The nausea relief provided by a few puffs of marijuana is the only reason many people are able to endure their cancer treatments.

Anyone who stands in the way of medical marijuana has spiraled into a moral black hole where lies trump the plain truth.

Ralph Givens

Daly City, Calif.

Posted by Gary at 01:02 PM | Comments (0)

March 14, 2008

One more letter in the Capital Times: GOP control must end for medicinal pot to pass

Posted by Gary Storck
Friday, March 14, 2008

Like many others in Madison and beyond, I'm saddened by the pending demise of the Capital Times as a daily paper. I had my first letter about medical cannabis published in the Cap Times in Sept. 1997, "Legalization Of Medical Pot Overdue", click here, and this one from today marks my 49th letter they have published. I have had hundreds of letters published all over, but no one paper has opened their editorial page more to me than the Capital Times over the last decade. I salute the Cap Times, and hope their tranformation to a mostly online venture will be successful, and that they continue to be a venue for progressive thought.

So, Thanks TCT, for one more...

Source: Capital Times click here
Pubdate: March 14, 2008


Dear Editor: Thanks to Tyler Zellner for a great letter advocating legal access to medical marijuana.

One point that needs clarification. There actually was medical cannabis legislation in the Legislature this session. Assembly Bill 550, the Jacki Rickert Medical Marijuana Act, was introduced last September and named in honor of Rickert, a longtime Wisconsin medical cannabis patient/activist.

Unfortunately, the bill, like other unfinished business, expired as of Thursday and the Assembly's GOP leadership once again did not allow a hearing or a vote in committee. This has happened nearly every session dating back to when the Republicans gained control of the Assembly in 1993.

Two weeks ago, Michigan certified signatures for a ballot initiative that will likely put this issue before its voters this November. Every time this issue has gone to voters, it has passed. [Note: In writing this, I forgot that in South Dakota, an mmj initiative lost narrowly 48-52% in Nov. 2006. But the two states are very different.]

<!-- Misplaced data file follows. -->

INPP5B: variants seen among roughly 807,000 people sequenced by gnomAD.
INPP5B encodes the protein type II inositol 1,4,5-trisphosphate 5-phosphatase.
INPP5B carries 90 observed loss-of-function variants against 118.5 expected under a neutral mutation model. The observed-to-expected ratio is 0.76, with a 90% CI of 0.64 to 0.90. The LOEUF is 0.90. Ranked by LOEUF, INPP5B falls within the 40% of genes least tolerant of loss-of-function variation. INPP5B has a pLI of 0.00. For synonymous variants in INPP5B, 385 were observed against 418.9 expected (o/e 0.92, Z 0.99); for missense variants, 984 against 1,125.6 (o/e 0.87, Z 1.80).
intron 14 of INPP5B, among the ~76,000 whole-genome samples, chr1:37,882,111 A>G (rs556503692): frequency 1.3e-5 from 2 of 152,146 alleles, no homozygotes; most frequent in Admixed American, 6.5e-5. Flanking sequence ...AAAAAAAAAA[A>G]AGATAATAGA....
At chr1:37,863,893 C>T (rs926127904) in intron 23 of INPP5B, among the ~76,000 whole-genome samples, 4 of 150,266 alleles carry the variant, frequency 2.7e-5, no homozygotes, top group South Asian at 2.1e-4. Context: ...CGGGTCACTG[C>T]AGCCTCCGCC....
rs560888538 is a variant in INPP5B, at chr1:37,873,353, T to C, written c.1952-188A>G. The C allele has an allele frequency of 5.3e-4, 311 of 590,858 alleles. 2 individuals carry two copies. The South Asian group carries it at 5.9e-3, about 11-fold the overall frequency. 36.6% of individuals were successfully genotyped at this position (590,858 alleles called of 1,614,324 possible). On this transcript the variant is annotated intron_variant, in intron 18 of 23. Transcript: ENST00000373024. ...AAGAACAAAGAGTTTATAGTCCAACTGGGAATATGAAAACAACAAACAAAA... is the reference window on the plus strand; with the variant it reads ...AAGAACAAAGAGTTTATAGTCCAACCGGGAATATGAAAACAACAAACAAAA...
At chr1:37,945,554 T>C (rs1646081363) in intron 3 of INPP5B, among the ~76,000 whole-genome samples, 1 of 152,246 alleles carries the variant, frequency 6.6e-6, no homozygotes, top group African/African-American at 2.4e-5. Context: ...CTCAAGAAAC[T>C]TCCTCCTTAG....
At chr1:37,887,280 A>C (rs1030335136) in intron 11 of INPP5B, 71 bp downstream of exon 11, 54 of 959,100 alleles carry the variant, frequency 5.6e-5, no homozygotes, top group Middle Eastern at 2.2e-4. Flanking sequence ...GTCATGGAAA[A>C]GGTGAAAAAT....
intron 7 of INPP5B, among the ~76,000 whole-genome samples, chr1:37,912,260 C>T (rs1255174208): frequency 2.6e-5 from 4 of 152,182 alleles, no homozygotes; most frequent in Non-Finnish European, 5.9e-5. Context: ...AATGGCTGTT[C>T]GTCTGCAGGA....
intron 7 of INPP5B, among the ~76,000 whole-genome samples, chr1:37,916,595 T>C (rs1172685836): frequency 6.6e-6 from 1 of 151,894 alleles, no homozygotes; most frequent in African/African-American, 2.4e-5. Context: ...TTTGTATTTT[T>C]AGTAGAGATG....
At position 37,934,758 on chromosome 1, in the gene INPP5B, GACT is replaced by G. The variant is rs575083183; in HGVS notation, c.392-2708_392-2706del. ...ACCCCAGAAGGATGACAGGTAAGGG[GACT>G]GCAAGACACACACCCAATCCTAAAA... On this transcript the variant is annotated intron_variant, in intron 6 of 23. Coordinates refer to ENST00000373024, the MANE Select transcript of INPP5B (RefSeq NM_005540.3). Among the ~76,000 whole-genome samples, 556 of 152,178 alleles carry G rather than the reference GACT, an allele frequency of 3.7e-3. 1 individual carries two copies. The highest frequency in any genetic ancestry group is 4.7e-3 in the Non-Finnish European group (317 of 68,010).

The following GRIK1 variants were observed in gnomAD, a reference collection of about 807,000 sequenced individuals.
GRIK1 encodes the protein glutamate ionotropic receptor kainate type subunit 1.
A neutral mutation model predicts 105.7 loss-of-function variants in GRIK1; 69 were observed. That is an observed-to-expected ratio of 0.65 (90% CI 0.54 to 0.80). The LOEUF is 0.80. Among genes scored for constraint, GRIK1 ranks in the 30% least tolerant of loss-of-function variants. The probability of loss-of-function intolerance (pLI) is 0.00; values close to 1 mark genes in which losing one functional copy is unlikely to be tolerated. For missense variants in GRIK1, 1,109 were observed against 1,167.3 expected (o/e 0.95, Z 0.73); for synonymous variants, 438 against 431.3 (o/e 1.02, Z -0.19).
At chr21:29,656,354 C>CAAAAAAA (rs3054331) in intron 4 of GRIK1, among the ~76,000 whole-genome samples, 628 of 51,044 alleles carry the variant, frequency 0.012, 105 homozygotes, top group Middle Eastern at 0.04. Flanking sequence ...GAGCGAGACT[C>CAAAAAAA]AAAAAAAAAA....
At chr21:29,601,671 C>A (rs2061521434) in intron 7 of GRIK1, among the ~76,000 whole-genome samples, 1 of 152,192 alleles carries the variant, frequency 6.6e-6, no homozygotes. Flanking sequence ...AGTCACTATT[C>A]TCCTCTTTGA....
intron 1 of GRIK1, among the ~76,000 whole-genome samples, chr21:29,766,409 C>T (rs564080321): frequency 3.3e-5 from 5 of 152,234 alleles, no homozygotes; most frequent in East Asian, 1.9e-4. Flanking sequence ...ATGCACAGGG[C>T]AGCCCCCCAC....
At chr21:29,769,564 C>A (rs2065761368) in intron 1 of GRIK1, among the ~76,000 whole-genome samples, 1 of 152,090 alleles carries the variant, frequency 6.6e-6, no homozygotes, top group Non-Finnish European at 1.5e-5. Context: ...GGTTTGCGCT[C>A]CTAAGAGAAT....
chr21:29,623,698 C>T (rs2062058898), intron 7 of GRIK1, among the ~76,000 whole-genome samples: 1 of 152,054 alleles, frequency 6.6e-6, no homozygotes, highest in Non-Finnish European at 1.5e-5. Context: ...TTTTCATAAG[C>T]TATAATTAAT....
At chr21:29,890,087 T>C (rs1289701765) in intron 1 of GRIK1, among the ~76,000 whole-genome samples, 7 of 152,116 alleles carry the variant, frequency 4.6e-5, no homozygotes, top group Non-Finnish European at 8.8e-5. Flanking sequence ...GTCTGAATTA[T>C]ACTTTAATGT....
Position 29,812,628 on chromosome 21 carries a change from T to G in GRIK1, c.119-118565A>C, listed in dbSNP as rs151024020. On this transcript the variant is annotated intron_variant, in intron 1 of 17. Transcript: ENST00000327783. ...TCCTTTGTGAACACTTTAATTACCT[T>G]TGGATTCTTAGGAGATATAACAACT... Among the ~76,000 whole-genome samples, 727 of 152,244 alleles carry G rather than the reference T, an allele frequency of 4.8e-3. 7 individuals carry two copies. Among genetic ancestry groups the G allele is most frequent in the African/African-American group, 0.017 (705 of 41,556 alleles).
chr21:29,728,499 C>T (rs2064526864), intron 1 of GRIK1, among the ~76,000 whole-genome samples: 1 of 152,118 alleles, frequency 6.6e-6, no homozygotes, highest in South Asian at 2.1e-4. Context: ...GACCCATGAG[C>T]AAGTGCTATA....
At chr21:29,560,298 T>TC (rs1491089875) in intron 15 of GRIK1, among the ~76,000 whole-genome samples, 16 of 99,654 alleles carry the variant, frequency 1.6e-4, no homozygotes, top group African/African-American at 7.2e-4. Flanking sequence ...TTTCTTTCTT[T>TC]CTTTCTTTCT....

Medical cannabis legislation is on the move in Illinois too, where a state Senate committee passed legislation last week. Supporters in Minnesota are also back to work after near success last session.

The American College of Physicians, the nation's second-largest doctors' group, issued a position paper this year supporting medical cannabis.

It is clear to me, as a longtime patient/activist for medical cannabis, that the only way this legislation will make it through the Legislature is if the Republican domination of the Assembly is ended. Fortunately for suffering patients and their families, the GOP majority has shrunk to just three.

Gov. Jim Doyle is on record stating he would sign a bill. It's now up to voters this fall to put representatives in place who agree with the 80 percent of us who believe medical cannabis should be a legal option for state residents.

Gary Storck

Is My Medicine Legal YET?


Posted by Gary at 12:13 PM | Comments (0)

March 13, 2008

Jacki Rickert Medical Marijuana Act among legislature’s unfinished business as session ends

Posted by Gary Storck
Thursday, March 13, 2008

Gov. Jim Doyle has warned that Wisconsin will become “the ashtray of the Midwest,” due to state lawmakers failure to pass a workplace smoking ban this session.

Our state also appears headed for another dubious honor, “Compassion hole of the Midwest”. Assembly Bill 550, the Jacki Rickert Medical Marijuana Act officially dies on March 13, today, but it practically was dead on arrival, thanks to the “compassionate conservatism” of the Assembly’s Republican leadership and Rep. Leah Vukmir (R-Wauwatosa), a nurse.